Stretching is something we all do to some degree, both before and after training. Often, we do this intentionally but not necessarily thoughtfully. After all what is it that our bodies really need pre and post exercise? And what is it we are trying to achieve when we stretch? Simon Purton of Soho Physiotherapy explores proper ways in which to stretch and how physiotherapy can help you move with freedom and pleasure.
To help think about this let’s separate muscles from fascia, the connective tissue that connects our muscles to everything else and is responsible for creating the dynamic tension to be able to stand upright and hold our posture as well as transferring the force from the muscles to create movement.
Stretching to tonify
So, after a day in the office our muscles are, to a certain degree ‘sleepy’ (switched off) and disconnected from the other muscles groups with which they work to create stability and generate movement. This takes us to the first aim of stretching prior to exercising: to wake up or tonify the main muscle groups and get them working together in a coherent way. Dynamic stretching and specific patterned exercises help us to do this. Dynamic stretching is useful to tonify the muscles and is something that we all do naturally to some extent, such as the little squat before jumping or the yawn and stretch when waking up in the morning. To get the muscles working together we have specific patterned exercises called Neuro Muscular Integration Exercises. These exercises are very specific and vary depending on what you are doing. For example, Neuro Muscular Integration exercises prior to swimming would be different to Neuro Muscular Integration Exercises prior to running.
Once we have woken up or tonified our muscles and got some underlying integration going on for the movement patterns relevant to our activity, the next thing to think about is flexibility and elasticity relevant to the movements we have to perform.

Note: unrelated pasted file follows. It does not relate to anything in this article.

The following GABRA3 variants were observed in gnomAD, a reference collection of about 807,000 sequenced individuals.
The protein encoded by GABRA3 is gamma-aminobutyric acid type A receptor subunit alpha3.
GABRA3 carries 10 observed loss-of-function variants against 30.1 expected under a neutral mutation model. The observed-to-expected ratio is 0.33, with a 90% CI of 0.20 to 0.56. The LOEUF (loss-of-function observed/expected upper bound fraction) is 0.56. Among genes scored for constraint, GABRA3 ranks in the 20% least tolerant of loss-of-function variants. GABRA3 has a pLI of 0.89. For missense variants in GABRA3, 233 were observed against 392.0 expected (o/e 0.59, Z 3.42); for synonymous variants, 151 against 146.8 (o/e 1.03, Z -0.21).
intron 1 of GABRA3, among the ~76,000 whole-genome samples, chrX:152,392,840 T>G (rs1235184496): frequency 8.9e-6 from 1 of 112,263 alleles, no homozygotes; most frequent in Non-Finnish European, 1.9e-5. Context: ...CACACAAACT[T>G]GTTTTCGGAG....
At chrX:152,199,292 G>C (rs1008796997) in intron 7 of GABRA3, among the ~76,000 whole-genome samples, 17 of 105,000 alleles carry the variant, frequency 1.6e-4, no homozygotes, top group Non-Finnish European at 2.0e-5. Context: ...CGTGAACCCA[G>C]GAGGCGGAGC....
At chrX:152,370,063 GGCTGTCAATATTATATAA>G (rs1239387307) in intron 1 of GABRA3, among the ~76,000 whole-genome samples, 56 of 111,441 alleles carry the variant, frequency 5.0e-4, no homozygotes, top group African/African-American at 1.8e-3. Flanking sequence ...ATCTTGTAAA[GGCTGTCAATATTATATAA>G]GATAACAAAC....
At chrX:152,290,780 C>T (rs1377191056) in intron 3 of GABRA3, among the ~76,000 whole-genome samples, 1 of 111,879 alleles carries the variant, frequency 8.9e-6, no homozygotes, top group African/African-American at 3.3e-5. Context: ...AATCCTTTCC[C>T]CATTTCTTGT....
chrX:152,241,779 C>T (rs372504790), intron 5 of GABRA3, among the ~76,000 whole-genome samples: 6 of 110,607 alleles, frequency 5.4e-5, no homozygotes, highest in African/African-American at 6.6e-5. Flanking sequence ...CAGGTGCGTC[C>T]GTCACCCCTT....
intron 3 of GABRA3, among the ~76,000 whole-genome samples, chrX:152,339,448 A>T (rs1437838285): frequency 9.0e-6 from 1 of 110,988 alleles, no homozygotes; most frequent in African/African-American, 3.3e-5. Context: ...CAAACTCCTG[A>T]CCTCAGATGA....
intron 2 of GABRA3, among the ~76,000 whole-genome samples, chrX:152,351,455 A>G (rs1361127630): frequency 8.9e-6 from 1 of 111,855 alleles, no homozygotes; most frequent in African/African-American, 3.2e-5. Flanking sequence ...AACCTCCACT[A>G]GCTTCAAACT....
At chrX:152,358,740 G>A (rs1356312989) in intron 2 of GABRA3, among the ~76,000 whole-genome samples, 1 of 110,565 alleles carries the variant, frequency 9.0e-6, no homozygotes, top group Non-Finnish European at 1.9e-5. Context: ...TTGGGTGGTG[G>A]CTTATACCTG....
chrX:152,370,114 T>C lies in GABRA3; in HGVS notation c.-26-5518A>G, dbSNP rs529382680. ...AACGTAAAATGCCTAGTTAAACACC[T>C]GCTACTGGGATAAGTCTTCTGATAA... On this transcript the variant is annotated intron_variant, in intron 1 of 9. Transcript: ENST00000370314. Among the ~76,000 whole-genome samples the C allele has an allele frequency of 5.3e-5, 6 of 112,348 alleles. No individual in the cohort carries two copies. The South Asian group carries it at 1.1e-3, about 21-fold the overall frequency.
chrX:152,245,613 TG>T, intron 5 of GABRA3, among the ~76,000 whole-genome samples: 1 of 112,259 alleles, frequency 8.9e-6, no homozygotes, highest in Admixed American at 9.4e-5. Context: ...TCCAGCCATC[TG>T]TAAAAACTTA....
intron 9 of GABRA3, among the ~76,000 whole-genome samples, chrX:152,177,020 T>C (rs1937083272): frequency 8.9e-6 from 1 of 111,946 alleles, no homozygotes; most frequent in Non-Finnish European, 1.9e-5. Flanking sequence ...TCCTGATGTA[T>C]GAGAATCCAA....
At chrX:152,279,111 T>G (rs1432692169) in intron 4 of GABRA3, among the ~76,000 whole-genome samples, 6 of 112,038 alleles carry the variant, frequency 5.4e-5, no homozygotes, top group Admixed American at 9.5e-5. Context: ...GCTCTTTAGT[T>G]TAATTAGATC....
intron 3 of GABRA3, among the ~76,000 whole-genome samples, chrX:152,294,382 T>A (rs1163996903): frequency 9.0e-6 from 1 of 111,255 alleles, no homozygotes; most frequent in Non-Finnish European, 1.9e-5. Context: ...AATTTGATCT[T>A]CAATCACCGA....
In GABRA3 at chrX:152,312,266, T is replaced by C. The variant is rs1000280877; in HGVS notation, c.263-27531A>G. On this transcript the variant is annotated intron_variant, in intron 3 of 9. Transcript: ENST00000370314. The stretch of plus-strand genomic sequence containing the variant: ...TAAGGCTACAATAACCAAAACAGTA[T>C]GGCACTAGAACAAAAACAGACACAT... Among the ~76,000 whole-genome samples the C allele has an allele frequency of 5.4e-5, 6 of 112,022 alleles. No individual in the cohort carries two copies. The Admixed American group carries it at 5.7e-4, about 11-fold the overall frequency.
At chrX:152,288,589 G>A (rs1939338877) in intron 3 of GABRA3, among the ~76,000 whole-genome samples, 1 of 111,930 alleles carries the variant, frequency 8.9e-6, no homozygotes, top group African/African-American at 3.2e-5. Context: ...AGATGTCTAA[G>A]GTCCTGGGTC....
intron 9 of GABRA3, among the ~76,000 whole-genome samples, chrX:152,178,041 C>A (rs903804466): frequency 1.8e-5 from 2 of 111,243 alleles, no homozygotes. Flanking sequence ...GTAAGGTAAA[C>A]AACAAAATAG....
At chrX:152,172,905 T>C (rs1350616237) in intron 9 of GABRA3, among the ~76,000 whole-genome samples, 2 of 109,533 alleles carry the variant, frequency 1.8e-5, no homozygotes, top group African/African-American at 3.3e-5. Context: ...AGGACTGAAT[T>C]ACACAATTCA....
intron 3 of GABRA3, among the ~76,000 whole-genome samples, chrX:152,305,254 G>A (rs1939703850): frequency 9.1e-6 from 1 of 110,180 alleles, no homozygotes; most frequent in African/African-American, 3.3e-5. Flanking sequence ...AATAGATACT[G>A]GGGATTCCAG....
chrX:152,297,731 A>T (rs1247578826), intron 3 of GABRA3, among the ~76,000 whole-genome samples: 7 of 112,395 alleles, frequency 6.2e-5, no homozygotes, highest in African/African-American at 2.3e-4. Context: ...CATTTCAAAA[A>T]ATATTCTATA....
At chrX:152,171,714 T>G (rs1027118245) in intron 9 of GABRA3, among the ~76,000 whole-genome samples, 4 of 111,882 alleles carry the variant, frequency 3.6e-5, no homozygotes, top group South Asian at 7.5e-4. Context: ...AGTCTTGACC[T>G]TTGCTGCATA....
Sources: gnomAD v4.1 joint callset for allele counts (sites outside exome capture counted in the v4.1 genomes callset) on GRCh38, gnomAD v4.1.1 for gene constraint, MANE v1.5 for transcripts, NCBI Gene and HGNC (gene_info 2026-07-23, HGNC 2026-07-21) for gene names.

Stretching for flexibility
If we lack flexibility and elasticity in the movements we perform during our exercise we may have reduced blood flow to key muscle groups, leading to fatigue and cramp or at the outer range of movement we end up transferring unnecessary strain and overload to other parts of our body such as lower back or groin, for example, leading to weaker structural support, increased risk of injury, poor technique and loss of control of the movement pattern.
Working on our flexibility, however, is no quick fix and differs greatly from the dynamic stretching used for tonifying our muscles ready for exercise.
To work on elasticity and flexibility we need to get deeper into our fascia, and it’s connections. This type of stretching needs to be done very gently so that we don’t end up creating a tonifying reaction within the muscles and in effect fighting against ourselves, against our own muscle’s resistance. This kind of stretching needs to be done very subtly and gently in time with our breathing. As we breath out we allow ourselves to ‘sink’ a little deeper into the fascia always comfortable, never forcing, pushing or struggling, gradually feeling our body release and let go. This kind of stretch is held for between two to ten mins.
Stretching with control
At this point I must add a word of warning: FLEXIBILITY IS A DOUBLE-EDGED SWORD. It allows us to go further into our range of motion, closer to our stabilisers of last resort, the joint ligaments. So to work on our flexibility without considering good alignment and prior work to have the muscles toned and in control throughout the range of motion we risk more serious types of injury if we suddenly lose control and therefore body position and alignment, we are more exposed to dislocations and partial dislocations which we call subluxations.
So, when stretching the fascia, it is essential that good alignment, posture, and control of the movement patterns are used at all times. It is not about how far you can go into the stretch but how far you can go while maintaining alignment, technique, and control. That comes with training.
But hey, that is what I am here for! To help you move well, with freedom and pleasure. To keep you flexible, elastic, well-toned moving with control and good technique, but most of all to keep you safe and injury free.
Physiotherapy is the treatment of musculo-skeletal conditions, that is, signs and symptoms involving joints, ligaments, tendons, muscles, nerves and how they in turn affect normal movement. Treatment aims to identify the primary cause of the condition as well as treat the symptoms, therefore restoring normal movement patterns to prevent recurrence. It is a joint course of action between the physiotherapist and client. This treatment is aimed at the long term resolution of problems rather than a short term fix.